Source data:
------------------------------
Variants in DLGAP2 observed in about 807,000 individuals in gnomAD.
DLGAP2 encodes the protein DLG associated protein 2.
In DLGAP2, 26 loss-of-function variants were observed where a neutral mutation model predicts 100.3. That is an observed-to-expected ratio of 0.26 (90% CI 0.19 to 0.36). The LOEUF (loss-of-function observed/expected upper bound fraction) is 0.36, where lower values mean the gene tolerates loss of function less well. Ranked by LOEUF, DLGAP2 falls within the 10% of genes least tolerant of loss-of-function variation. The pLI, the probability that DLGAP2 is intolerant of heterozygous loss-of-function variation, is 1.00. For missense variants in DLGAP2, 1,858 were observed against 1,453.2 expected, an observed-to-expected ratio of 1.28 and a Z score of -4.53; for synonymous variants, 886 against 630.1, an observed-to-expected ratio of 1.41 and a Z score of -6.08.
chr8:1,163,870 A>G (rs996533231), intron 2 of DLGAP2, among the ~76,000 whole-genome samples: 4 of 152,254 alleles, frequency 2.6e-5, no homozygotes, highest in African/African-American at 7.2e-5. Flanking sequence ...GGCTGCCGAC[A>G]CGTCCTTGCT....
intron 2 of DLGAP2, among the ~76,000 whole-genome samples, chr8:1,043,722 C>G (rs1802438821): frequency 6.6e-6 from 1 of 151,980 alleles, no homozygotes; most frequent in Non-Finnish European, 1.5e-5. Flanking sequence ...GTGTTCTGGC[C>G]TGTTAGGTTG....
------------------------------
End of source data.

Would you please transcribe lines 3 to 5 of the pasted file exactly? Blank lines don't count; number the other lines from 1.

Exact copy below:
In DLGAP2, 26 loss-of-function variants were observed where a neutral mutation model predicts 100.3. That is an observed-to-expected ratio of 0.26 (90% CI 0.19 to 0.36). The LOEUF (loss-of-function observed/expected upper bound fraction) is 0.36, where lower values mean the gene tolerates loss of function less well. Ranked by LOEUF, DLGAP2 falls within the 10% of genes least tolerant of loss-of-function variation. The pLI, the probability that DLGAP2 is intolerant of heterozygous loss-of-function variation, is 1.00. For missense variants in DLGAP2, 1,858 were observed against 1,453.2 expected, an observed-to-expected ratio of 1.28 and a Z score of -4.53; for synonymous variants, 886 against 630.1, an observed-to-expected ratio of 1.41 and a Z score of -6.08.
chr8:1,163,870 A>G (rs996533231), intron 2 of DLGAP2, among the ~76,000 whole-genome samples: 4 of 152,254 alleles, frequency 2.6e-5, no homozygotes, highest in African/African-American at 7.2e-5. Flanking sequence ...GGCTGCCGAC[A>G]CGTCCTTGCT....
intron 2 of DLGAP2, among the ~76,000 whole-genome samples, chr8:1,043,722 C>G (rs1802438821): frequency 6.6e-6 from 1 of 151,980 alleles, no homozygotes; most frequent in Non-Finnish European, 1.5e-5. Flanking sequence ...GTGTTCTGGC[C>G]TGTTAGGTTG....